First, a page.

The European Space Agency has selected asteroids 2002 AT4 and (10302) 1989 ML as mission targets for mission Don Quijote. They will make a pick
between them in 2007 and choose which one to impact. Don Quijote will be a Near-Earth Objects deflection test mission which will consist of two
spacecrafts, an orbiter ("Sancho") and an impactor ("Hidalgo"). "Sancho" will rendezvous with a target asteroid and then "Hidalgo" will crash
into it. "Sancho" will calculate the asteroid´s orbit before and after impact and find out if the mission was a success or not. If the mission is
a success the asteroid´s orbit will be shifted. This will be the first step towards the development of a means to tackle asteroid impacts.
"Artist's impression on an asteroid impact with the Earth."
Based on the recommendations of asteroid experts, ESA has selected two target asteroids for its Near-Earth Object deflecting mission, Don Quijote.
On 19 December 2004 MN4, an asteroid of about 400 m, lost since its discovery six months earlier, was observed again and its orbit was computed. It
immediately became clear that the chances that it could hit the Earth during a close encounter in 2029 were unusually high. As the days passed the
probability did not decrease and the asteroid became notorious for surpassing all previous records in the Torino and Palermo impact risk scales
ESA has selected asteroids 2002 AT4 and (10302) 1989 ML as mission targets because they represent best compromise among all the (sometimes
conflicting) selection criteria. A decision on which of the two will become the final destination of both Sancho and Hidalgo spacecraft will be made
Don Quijote is a NEO deflection test mission based entirely on conventional spacecraft technologies. It would comprise two spacecraft - one of them
(Hidalgo) impacting an asteroid at a very high relative speed while a second one (Sancho) would arrive earlier at the same asteroid and remain in its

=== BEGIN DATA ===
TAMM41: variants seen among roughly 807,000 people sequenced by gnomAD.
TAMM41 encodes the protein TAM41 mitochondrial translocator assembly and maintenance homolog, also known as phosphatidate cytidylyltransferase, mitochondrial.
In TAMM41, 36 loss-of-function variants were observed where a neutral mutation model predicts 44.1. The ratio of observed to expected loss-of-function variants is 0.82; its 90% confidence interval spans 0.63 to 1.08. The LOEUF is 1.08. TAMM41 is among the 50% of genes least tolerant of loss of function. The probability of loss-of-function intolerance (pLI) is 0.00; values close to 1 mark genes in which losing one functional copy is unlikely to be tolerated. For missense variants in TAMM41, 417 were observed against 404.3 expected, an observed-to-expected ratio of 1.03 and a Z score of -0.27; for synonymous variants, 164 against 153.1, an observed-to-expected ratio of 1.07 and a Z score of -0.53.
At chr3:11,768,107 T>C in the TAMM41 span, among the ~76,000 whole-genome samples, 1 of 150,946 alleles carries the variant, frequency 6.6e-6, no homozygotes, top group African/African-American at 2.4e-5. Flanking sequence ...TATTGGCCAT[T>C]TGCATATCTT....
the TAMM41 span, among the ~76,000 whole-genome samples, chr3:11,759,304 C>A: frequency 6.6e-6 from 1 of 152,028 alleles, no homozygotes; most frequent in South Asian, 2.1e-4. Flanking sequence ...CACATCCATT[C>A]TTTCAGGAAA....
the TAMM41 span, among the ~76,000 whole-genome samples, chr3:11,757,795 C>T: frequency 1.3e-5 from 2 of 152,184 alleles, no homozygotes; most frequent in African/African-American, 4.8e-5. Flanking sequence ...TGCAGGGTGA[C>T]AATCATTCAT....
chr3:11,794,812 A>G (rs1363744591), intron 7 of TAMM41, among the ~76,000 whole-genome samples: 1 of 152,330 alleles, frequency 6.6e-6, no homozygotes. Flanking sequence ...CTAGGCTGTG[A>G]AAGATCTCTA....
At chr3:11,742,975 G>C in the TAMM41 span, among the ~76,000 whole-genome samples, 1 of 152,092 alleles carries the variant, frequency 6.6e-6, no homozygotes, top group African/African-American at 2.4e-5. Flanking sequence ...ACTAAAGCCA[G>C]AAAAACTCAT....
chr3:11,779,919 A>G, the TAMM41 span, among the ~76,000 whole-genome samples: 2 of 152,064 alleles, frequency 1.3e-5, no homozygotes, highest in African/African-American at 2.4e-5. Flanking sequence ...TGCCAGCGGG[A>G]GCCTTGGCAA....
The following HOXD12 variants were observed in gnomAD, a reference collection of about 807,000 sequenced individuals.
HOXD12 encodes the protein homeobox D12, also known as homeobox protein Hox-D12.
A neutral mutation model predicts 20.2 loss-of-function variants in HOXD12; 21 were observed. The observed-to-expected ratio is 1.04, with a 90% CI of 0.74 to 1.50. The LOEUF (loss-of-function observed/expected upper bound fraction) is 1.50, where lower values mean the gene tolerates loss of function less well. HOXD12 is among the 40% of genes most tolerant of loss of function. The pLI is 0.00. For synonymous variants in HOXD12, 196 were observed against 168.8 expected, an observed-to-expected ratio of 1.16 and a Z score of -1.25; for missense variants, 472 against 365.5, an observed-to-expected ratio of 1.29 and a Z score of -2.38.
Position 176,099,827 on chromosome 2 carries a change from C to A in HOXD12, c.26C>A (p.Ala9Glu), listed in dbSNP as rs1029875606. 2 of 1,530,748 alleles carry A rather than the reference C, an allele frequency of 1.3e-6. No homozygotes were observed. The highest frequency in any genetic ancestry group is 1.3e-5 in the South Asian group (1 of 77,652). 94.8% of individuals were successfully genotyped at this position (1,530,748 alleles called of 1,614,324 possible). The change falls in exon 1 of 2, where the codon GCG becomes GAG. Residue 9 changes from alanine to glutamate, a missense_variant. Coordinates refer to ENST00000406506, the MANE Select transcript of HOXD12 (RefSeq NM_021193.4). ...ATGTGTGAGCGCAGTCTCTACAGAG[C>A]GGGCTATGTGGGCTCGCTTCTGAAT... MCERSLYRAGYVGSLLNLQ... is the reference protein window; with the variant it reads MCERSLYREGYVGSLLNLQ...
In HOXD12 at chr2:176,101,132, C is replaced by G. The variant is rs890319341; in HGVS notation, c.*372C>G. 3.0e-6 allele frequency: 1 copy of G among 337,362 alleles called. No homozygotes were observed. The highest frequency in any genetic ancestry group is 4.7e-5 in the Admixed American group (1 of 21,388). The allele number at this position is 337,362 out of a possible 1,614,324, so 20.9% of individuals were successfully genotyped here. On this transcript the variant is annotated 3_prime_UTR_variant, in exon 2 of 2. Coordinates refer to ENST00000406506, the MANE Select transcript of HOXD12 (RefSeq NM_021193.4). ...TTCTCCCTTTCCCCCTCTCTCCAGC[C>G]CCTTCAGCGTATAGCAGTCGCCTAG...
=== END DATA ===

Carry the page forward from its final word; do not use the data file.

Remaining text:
vicinity before and after the impact to measure the variation on the asteroid’s orbital parameters, as well as to study the object.
Asteroid 2004 MN has now been given an official designation, (99942) Apophis. Recent observations using Doppler radar using Arecibo radio telescope in
Puerto Rico have reduced the impact probability during future encounters to very small levels, though they have not totally ruled out an Earth impact.
In 2029, the asteroid will have the closest approach ever witnessed for an object of this size, swinging by the Earth at a distance of around 32,000
kilometres. Its trajectory will be well within the geosynchronous orbit used by most telecommunications and weather satellites, and the object will be
visible to the naked eye. Further radar measurements are expected in 2013.
Please visit the link provided for the complete story.
Asteroid 2004 MN4 is a real threat. Hopefully the Don Quijote mission will be a success so we would be able to shift the orbit of Asteroid 2004 MN4
(or any other NEO threat) with a kamikaze-attack...
"Hidalgo impacts with the asteroid while Sancho, with an attitude appropriate to its name, retreats to a safe distance to observe the impact without
taking unnecessary risk. Credits: ESA/Deimos Space"
I allready got all your backs on this one. We are all set.
I bought a bunch of laser pointers. If I see anything getting close ill just shine them all on the asteroid and alter its path by heating up one
side. We should be fine, and only cost me a few bucks...If that doesnt work I have some bottle rockets...
Finally some initiative being taken on this sort of thing. I don't imagine it'll be a huge success (and neither do they, based upon the naming of
the mission) but we desperately need to get some experience under our belt so we can start to think about this sort of thing.
They are going to ram a 500 kg object with no explosives into a 1,600 foot diameter asteroid with about a billion pounds of mass and expect to alter
its orbit? They call themselves physicists? They are certainly not mathematicians.
Calculate yourself from these know asteroid masses.
This content community relies on user-generated content from our member contributors. The opinions of our members are not those of site ownership who maintains strict editorial agnosticism and simply provides a collaborative venue for free expression.